The United States of America today announced that India, Malaysia, Republic of Korea, South Africa, Sri Lanka, Turkey and Taiwan have all significantly reduced their volume of crude oil purchases from Iran.
In her remarks in DC, US Secretary of State Hillary Rodham Clinton notes that the seven countries join the 11 countries for which she made this determination in March.
As a result, Ms. Clinton says she will report to the Congress that sanctions pursuant to Section 1245(d)(1) of the National Defense Authorization Act for Fiscal Year 2012 will not apply to their financial institutions for a potentially renewable period of 180 days.
The US government has implemented these sanctions to support its efforts to prevent Iran from acquiring a nuclear weapon and to encourage Iran to comply with its international obligations.
“Today’s announcement underscores the success of our sanctions implementation.” – Ms. Clinton
She stresses that by reducing Iran’s oil sales, the US government is sending a decisive message to Iran’s leaders: until they take concrete actions to satisfy the concerns of the international community, they will continue to face increasing isolation and pressure.
The United States remains committed to a dual-track policy that offers Iran the chance to engage seriously with the international community to resolve its concerns over its nuclear program through negotiations with the P5+1, Ms. Clinton highlighted
She notes Iran has the ability to address these concerns by taking concrete steps during the next round of talks in Moscow. Ms. Clinton urges Iran’s leaders to do so.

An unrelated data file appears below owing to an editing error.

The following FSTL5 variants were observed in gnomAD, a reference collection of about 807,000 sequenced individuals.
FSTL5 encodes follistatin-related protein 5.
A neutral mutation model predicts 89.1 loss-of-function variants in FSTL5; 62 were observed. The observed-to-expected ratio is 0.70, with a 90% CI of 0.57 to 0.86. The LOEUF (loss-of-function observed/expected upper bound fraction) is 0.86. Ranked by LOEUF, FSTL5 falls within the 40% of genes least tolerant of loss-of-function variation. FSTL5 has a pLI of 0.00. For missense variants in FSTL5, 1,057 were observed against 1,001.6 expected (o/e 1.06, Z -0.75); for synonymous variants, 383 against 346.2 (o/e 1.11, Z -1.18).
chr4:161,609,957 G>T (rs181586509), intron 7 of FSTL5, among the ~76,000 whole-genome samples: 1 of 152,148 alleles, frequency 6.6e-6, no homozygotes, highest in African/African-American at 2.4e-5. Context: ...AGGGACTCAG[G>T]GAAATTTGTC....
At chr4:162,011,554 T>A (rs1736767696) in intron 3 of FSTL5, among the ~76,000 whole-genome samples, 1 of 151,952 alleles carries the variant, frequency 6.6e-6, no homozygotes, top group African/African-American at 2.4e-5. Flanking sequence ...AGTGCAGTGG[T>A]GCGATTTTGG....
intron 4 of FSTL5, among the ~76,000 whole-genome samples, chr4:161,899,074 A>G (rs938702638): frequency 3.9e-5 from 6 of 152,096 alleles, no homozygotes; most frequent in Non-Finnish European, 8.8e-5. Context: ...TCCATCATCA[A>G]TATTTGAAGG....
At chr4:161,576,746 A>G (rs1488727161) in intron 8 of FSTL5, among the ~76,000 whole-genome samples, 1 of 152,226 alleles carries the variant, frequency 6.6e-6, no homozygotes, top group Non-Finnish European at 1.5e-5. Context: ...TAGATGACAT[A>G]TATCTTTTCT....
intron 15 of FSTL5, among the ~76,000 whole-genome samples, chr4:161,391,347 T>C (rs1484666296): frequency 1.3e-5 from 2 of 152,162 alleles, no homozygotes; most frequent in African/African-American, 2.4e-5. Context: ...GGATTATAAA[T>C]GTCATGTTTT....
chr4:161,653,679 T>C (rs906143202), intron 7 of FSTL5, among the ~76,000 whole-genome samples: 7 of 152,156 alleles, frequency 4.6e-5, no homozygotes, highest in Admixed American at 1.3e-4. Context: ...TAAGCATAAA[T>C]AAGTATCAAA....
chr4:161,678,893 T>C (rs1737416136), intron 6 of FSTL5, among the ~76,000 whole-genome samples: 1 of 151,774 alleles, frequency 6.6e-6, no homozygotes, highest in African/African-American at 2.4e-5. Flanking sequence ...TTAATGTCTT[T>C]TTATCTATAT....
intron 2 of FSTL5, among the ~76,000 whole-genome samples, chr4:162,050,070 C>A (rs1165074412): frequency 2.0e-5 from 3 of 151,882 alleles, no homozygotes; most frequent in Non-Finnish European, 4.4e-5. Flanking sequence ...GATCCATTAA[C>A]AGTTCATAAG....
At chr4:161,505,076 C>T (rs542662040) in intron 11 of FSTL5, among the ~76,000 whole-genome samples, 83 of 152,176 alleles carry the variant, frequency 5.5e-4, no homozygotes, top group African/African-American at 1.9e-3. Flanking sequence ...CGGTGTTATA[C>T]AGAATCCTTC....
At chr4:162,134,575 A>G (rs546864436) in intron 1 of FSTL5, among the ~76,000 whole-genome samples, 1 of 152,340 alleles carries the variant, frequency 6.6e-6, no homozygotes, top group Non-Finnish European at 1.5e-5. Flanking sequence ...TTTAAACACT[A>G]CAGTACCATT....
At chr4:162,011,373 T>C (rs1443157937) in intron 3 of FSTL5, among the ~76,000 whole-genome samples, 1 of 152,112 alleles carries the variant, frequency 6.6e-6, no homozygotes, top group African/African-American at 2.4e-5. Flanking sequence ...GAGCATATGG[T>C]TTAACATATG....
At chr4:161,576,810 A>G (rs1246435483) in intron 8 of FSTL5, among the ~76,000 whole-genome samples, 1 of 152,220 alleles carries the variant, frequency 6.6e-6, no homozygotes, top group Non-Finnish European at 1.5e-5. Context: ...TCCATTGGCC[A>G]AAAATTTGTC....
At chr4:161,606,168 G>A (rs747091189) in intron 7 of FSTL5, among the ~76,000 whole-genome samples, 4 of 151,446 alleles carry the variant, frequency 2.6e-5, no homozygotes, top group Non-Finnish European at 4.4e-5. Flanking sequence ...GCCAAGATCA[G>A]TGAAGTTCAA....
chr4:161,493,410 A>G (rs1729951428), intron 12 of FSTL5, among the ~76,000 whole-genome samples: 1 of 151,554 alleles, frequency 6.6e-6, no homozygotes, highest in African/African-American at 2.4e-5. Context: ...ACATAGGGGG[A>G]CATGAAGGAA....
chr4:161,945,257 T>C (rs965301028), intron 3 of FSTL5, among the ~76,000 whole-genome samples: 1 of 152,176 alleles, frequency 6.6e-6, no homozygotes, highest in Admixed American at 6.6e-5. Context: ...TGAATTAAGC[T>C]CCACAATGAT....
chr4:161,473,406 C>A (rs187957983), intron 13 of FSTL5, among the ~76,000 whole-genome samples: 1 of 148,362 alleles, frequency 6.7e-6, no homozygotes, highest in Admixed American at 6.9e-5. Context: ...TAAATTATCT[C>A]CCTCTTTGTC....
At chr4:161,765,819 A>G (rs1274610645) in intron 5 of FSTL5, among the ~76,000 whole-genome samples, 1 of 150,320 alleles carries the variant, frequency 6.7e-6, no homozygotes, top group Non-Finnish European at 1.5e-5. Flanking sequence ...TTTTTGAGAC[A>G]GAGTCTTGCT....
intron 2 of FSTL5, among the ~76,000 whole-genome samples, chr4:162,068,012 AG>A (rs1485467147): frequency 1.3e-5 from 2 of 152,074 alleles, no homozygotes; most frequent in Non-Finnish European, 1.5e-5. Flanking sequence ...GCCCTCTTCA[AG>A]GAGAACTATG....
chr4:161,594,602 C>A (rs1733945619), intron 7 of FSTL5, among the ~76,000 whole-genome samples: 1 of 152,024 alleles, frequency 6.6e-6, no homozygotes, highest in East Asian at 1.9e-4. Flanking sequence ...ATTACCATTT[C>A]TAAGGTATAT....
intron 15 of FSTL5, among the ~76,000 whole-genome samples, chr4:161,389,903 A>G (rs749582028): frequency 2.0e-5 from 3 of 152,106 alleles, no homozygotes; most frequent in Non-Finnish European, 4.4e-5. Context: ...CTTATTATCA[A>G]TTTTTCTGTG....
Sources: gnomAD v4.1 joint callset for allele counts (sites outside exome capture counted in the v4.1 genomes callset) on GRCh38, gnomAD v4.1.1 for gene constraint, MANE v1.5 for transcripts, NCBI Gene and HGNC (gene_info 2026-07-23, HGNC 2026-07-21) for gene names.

On February this year, Department Spokesperson Victoria Nuland announced that the United States Government took three separate sanctions actions against Iran’s primary intelligence agency, the Ministry of Intelligence and Security (MOIS).
MOIS was designated for its involvement in the commission of serious human rights abuses against the Iranian people, as well as its support to terrorist groups, including al-Qa’ida, Hizballah and Hamas.
The United States has also imposed visa and financial sanctions on the MOIS for its commission of serious human rights abuses in its own country.
On June 2011, the United States of America have imposed several sanctions on Iran. The United States imposed sanctions on Tidewater Middle East Company, an operator of Iranian ports owned by the Islamic Revolutionary Guard Corps (IRGC) that has links to Iranian proliferation activities.
The United States has also imposed sanctions against Iran Air, which was designated for providing material support and services to the IRGC and Iran’s Ministry of Defense and Armed Forces Logistics (MODAFL), and also has facilitated proliferation-related activities.
The European Union as well has imposed sanctions against Iran. The EU bans imports of Iranian crude oil and petroleum products, freeze the assets of the Iranian central bank, and take additional action against Iran’s energy, financial, and transport sectors.
The measures was agreed by the EU Foreign Affairs Council which are another strong step in the international effort to dramatically increase the pressure on Iran.
The stronger EU sanctions against Iran followed after President Obama’s New Year’s Eve signing of a bill that bars U.S. dealings with Iran’s Central Bank.
EU ministers, meeting in Brussels on December 1, adopted additional sanctions, but postponed any action regarding Iran’s Central Bank and oil imports. Great Britain froze its dealings with Iran’s Central Bank on November 21.
The new U.S. sanctions include rules barring transactions with the Central Bank of Iran and with foreign entities engaging in such transactions.